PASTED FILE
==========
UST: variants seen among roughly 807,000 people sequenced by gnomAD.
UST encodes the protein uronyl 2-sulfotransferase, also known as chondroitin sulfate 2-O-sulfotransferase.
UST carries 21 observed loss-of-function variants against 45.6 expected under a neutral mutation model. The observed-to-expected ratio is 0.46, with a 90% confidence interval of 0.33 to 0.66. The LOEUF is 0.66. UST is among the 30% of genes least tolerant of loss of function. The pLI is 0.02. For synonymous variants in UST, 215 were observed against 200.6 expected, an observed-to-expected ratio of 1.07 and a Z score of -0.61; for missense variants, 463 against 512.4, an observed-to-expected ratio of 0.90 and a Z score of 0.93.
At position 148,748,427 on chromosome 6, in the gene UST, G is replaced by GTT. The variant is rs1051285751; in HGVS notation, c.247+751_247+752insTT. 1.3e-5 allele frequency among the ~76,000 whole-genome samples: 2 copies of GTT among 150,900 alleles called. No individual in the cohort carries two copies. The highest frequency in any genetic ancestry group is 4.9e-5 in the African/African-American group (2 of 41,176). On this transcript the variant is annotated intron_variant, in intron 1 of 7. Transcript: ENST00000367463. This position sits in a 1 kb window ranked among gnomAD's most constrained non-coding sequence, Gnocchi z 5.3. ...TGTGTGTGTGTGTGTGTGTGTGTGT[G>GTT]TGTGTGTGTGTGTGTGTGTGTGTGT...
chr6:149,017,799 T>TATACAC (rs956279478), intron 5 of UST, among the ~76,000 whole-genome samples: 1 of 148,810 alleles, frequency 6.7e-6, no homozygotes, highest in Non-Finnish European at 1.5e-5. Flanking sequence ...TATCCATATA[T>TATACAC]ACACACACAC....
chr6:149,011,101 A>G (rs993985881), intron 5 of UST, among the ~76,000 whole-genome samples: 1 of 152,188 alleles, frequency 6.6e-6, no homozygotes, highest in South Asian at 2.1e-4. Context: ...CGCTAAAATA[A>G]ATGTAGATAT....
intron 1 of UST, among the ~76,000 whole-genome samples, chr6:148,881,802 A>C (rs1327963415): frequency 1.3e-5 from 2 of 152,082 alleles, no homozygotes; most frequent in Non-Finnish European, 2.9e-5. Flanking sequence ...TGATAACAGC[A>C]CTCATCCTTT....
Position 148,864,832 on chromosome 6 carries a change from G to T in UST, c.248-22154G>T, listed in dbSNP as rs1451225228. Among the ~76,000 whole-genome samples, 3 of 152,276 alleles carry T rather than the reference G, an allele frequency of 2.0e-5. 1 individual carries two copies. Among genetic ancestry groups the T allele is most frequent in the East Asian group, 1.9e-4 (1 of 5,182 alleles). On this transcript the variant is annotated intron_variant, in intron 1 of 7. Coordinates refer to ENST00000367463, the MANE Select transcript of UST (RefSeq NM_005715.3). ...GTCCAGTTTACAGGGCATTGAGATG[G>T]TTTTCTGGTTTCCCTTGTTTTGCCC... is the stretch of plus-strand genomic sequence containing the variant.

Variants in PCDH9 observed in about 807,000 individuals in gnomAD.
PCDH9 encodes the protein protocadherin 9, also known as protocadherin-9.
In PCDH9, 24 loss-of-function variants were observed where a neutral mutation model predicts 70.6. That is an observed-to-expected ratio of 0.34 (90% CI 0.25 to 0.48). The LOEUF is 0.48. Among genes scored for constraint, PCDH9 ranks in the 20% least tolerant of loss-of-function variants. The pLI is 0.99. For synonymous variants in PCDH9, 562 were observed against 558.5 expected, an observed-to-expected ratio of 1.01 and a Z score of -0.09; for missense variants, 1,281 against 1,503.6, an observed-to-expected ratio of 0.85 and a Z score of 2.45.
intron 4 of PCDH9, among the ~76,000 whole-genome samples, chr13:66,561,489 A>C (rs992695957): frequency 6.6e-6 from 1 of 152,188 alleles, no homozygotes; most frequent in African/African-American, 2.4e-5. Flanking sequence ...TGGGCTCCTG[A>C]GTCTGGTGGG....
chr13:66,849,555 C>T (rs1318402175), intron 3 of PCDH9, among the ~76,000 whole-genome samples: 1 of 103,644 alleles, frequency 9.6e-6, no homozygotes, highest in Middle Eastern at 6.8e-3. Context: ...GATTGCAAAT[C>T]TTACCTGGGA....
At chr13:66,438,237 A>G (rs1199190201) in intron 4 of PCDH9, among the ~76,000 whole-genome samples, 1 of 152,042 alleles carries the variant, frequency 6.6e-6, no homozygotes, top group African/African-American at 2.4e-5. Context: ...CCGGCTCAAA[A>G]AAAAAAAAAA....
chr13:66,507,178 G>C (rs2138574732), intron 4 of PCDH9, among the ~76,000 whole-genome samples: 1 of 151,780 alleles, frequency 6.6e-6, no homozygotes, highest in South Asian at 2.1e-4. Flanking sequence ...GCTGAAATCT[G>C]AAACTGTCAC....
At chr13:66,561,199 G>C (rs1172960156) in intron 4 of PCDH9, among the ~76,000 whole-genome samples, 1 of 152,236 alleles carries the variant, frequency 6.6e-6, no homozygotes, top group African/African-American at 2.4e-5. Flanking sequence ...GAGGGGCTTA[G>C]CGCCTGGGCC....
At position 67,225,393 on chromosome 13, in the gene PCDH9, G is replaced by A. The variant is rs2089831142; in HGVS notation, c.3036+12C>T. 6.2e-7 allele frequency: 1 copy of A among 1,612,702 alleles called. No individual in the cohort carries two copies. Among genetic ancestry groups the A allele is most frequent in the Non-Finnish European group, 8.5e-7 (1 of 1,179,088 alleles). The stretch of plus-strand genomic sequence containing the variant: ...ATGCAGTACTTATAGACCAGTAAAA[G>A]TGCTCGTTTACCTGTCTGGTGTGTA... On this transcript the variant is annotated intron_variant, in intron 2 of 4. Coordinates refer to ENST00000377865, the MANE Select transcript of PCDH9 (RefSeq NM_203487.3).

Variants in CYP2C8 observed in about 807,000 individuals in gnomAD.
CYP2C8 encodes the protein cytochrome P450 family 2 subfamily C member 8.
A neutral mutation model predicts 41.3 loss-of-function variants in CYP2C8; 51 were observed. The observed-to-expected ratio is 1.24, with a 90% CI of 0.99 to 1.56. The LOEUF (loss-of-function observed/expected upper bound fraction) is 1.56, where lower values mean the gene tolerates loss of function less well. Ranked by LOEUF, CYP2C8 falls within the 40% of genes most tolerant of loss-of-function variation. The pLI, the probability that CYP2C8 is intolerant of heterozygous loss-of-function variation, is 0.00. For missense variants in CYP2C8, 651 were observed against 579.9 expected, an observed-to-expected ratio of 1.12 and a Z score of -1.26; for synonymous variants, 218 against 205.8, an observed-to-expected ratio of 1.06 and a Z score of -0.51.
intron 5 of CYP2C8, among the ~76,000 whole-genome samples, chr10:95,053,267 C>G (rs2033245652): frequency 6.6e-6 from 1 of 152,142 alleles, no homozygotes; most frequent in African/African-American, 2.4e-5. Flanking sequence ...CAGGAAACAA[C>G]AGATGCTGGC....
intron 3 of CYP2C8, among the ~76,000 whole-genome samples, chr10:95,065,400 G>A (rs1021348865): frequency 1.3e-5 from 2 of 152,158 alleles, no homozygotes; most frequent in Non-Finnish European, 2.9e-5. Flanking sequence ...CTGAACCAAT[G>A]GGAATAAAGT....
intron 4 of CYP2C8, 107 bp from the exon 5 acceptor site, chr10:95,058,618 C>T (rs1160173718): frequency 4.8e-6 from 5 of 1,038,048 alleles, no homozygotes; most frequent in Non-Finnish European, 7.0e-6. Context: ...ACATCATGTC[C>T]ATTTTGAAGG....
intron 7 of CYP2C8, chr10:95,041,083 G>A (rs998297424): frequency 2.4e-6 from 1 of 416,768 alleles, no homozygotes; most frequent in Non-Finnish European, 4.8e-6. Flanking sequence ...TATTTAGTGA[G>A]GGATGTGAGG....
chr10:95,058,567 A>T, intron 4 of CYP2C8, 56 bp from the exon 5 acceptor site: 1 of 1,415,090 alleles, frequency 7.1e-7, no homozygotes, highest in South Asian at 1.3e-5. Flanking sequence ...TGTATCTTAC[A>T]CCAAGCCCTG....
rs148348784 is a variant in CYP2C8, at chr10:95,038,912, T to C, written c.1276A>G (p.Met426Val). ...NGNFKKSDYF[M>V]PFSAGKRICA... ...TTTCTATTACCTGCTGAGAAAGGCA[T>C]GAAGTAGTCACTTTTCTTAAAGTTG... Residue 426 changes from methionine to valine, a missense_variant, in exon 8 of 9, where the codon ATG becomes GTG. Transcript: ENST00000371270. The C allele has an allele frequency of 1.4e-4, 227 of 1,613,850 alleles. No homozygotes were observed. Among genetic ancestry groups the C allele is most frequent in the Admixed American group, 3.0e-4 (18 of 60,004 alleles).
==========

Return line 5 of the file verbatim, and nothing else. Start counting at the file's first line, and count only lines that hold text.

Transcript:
chr6:149,017,799 T>TATACAC (rs956279478), intron 5 of UST, among the ~76,000 whole-genome samples: 1 of 148,810 alleles, frequency 6.7e-6, no homozygotes, highest in Non-Finnish European at 1.5e-5. Flanking sequence ...TATCCATATA[T>TATACAC]ACACACACAC....